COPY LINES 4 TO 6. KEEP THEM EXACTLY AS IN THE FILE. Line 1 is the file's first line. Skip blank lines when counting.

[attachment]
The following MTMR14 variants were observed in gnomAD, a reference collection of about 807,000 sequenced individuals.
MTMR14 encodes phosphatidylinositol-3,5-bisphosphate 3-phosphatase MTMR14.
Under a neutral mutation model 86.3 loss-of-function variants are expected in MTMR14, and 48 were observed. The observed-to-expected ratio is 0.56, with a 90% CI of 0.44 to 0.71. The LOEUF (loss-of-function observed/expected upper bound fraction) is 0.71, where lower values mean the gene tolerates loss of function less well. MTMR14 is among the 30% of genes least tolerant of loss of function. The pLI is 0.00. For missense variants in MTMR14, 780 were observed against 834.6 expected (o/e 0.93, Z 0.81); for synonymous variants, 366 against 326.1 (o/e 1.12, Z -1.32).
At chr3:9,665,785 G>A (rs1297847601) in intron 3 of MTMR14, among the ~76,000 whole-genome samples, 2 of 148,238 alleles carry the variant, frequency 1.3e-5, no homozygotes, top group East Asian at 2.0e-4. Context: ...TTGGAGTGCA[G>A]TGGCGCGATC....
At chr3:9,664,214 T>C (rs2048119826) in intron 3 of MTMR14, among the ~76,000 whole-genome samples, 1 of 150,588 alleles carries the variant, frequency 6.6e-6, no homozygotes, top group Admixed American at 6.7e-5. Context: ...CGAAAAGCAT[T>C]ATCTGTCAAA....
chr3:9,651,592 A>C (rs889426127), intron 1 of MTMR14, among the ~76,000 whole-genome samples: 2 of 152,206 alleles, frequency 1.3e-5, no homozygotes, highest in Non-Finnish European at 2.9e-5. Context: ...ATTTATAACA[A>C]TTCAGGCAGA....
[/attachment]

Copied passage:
At chr3:9,665,785 G>A (rs1297847601) in intron 3 of MTMR14, among the ~76,000 whole-genome samples, 2 of 148,238 alleles carry the variant, frequency 1.3e-5, no homozygotes, top group East Asian at 2.0e-4. Context: ...TTGGAGTGCA[G>A]TGGCGCGATC....
At chr3:9,664,214 T>C (rs2048119826) in intron 3 of MTMR14, among the ~76,000 whole-genome samples, 1 of 150,588 alleles carries the variant, frequency 6.6e-6, no homozygotes, top group Admixed American at 6.7e-5. Context: ...CGAAAAGCAT[T>C]ATCTGTCAAA....
chr3:9,651,592 A>C (rs889426127), intron 1 of MTMR14, among the ~76,000 whole-genome samples: 2 of 152,206 alleles, frequency 1.3e-5, no homozygotes, highest in Non-Finnish European at 2.9e-5. Context: ...ATTTATAACA[A>C]TTCAGGCAGA....